Rob and Glennis Thompson spent seven years waiting for their home to be finished construction.

By law, any building contract worth more than $30,000 must contain a start date and expected completion date so that delays can be measured.

Prue Miller suggests it is also wise to spell out who will be responsible for overruns and other unexpected costs so that there’s clear agreement before anyone signs anything.

The Thompson’s engaged a lawyer to review the contract but ignored their advice to not sign a variation and increase in costs.

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Michael Morrison then submitted a Start of Works Notice that estimated four months to build but after two years it still wasn’t finished and the file was “refused” – the consent to build lapsed and an extension was required.

“This is the building works; it doesn’t include stoppages. I’m not in charge of weather, I’m not in charge of the Council, I’m not in charge of a whole bunch of stuff,” explains Morrison.

The couple was watching as a house down the street made rapid progress from a half-built stage – a property that belonged to Morrison.

The Thompson’s were already summoning the courage to say haere rā to the developer they’d hired to build their home, when the head builder gave a surprising warning to be wary of promises the build would soon be done – shortly before he was fired by New Homes Direct.

“I’d started their job in June 2018 and I realised the house had been sitting there 15 months, full of water, half-finished, kind of half a shell. I just felt sorry for these people.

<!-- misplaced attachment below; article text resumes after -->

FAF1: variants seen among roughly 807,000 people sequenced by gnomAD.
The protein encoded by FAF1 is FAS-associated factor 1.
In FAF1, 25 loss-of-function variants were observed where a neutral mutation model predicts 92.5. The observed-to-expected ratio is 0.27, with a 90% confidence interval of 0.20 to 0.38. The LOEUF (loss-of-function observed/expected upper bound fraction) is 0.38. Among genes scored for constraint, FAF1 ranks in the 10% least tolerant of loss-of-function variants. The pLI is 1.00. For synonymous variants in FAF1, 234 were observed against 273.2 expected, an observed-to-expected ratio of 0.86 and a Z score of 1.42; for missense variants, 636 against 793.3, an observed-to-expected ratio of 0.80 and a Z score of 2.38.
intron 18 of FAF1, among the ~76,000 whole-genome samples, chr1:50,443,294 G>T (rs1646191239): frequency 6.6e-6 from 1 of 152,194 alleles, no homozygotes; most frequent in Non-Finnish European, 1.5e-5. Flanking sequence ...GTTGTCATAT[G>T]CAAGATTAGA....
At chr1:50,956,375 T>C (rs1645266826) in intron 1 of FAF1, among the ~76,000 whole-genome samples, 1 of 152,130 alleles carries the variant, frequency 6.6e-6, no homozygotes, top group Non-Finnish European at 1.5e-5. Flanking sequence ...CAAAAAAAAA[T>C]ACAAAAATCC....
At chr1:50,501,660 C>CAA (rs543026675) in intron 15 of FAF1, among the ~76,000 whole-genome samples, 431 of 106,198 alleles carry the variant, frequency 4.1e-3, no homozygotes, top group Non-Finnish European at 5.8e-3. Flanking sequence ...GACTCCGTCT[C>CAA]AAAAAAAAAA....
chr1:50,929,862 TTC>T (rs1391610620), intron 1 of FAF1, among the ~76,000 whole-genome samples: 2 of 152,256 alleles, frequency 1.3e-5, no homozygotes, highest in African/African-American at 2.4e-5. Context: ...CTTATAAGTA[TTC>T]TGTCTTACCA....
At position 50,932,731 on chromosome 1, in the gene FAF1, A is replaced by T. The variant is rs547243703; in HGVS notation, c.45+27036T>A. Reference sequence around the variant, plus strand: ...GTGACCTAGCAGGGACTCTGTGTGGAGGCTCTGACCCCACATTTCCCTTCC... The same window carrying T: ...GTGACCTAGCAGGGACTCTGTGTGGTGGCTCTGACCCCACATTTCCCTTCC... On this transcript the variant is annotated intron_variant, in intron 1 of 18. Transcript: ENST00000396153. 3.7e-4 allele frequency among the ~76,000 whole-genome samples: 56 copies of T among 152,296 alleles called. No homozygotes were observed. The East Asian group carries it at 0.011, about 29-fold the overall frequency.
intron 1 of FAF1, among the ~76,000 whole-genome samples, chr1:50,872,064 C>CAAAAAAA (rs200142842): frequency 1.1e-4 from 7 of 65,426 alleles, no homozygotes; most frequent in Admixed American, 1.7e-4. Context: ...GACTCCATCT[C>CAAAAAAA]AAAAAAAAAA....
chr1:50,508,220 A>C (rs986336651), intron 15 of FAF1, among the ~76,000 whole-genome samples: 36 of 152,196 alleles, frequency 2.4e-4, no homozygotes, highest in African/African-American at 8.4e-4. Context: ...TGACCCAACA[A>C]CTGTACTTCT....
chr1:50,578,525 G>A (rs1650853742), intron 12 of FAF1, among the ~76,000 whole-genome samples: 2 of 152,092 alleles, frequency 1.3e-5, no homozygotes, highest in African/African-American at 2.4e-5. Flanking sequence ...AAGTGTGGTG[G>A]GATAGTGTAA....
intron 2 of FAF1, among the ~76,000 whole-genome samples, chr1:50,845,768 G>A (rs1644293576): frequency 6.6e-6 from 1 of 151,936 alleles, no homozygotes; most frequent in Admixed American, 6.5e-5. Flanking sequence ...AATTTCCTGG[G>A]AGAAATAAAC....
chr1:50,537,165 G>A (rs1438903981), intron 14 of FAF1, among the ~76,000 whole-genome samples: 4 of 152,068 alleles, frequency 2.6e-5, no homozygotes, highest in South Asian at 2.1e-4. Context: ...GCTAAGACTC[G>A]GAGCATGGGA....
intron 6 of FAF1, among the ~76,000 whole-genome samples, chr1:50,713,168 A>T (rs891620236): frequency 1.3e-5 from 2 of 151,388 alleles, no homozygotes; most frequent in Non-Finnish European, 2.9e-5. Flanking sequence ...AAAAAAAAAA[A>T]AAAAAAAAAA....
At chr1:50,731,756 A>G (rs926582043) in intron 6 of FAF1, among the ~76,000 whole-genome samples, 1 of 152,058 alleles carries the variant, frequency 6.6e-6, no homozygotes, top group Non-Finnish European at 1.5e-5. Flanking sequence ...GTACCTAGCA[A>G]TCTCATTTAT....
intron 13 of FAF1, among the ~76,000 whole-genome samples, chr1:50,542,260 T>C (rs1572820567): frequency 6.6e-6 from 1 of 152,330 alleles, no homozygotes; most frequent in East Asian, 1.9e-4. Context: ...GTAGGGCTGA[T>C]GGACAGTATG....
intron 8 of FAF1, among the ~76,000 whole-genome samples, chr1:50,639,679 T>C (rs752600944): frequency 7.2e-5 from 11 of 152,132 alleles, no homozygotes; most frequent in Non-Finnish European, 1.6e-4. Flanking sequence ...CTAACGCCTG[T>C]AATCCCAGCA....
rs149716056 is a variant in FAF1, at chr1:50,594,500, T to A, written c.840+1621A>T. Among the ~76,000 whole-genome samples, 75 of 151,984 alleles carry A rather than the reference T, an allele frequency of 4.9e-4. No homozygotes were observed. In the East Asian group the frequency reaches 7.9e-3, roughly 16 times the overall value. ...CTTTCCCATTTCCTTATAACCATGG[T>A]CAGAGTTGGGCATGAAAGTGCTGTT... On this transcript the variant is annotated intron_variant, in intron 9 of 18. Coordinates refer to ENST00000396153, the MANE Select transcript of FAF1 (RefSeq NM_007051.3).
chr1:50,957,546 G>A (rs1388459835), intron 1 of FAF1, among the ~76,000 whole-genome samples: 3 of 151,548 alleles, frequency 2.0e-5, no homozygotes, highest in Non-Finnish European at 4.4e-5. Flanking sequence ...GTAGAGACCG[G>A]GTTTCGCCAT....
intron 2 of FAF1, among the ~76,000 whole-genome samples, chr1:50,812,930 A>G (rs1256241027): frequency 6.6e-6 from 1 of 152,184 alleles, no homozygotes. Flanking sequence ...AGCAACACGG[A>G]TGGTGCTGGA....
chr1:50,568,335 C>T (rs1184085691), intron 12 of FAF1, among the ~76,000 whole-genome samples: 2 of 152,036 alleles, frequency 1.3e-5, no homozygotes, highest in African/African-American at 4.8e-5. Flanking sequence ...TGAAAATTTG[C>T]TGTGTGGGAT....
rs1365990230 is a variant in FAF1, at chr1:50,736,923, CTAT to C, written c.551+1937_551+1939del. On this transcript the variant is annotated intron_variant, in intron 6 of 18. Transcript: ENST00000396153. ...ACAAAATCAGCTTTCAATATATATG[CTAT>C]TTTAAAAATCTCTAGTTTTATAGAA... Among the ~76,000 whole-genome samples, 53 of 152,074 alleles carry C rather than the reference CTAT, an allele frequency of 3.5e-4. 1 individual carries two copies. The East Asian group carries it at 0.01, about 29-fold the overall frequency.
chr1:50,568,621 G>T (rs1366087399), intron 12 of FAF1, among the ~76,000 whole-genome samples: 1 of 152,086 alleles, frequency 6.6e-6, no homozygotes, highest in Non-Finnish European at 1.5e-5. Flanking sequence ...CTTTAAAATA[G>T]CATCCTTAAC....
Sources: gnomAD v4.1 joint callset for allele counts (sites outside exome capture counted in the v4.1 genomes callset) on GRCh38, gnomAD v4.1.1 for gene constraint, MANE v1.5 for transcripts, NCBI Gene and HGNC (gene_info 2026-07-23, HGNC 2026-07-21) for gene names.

“They’re on a journey going nowhere, being told you’ll be in by Christmas, but which Christmas?”

This final straw coincided with a stroke of luck for the couple – their daughter’s friend moved by their plight offered to pay for his lawyer to help them cancel the contract and they took the out.

That left them scrambling to track down all the tradies who had ever touched their build and obtain a record of all the work done because Morrison now argued New Homes Direct no longer had any contractual obligation to complete that job of putting the paperwork into the Council.

The parting shot was finding unpaid bills for their consents that went back so long, some had been sent to debt collectors.

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“The unpaid invoices sent to New Homes Direct date back to 2014. Despite the Council allowing processing of the application and inspections to progress so that work on site could continue, the costs were never paid by the developer,” says Craig Hobbs, Director Regulatory Services at Auckland Council.

“Unfortunately, both Auckland Council and the property owner have now been left out of pocket due to the developer’s non-payment.”

The trouble was the couple had recently been told they would have to pay more than $4,000 in current and overdue fees before the Council would issue the crucial Code Compliance Certificate, verifying the building was complete and built to code.

“We paid Michael $40,000 for consenting and design, so it was a slap in the face, spurred me to want to get in touch with you guys,” Rob told Fair Go.

The developer insists he knew nothing – it is true the couple hadn’t raised it with him before alerting Fair Go.

“If there is any money owed I’ll pay it, for works that we’ve been paid for, of course,” says Michael Morrison.

After Fair Go got involved, the developer paid two overdue invoices within a week, but by then the Council had already agreed it would not hold up the couple’s CCC as long as they paid the current charge of around $1200, which is all the Thompsons had thought they’d owed.

“I’m over the moon,” Rob Thompson told Fair Go after paying his fair share and getting the CCC issued within minutes. “It’s like I can breathe again.”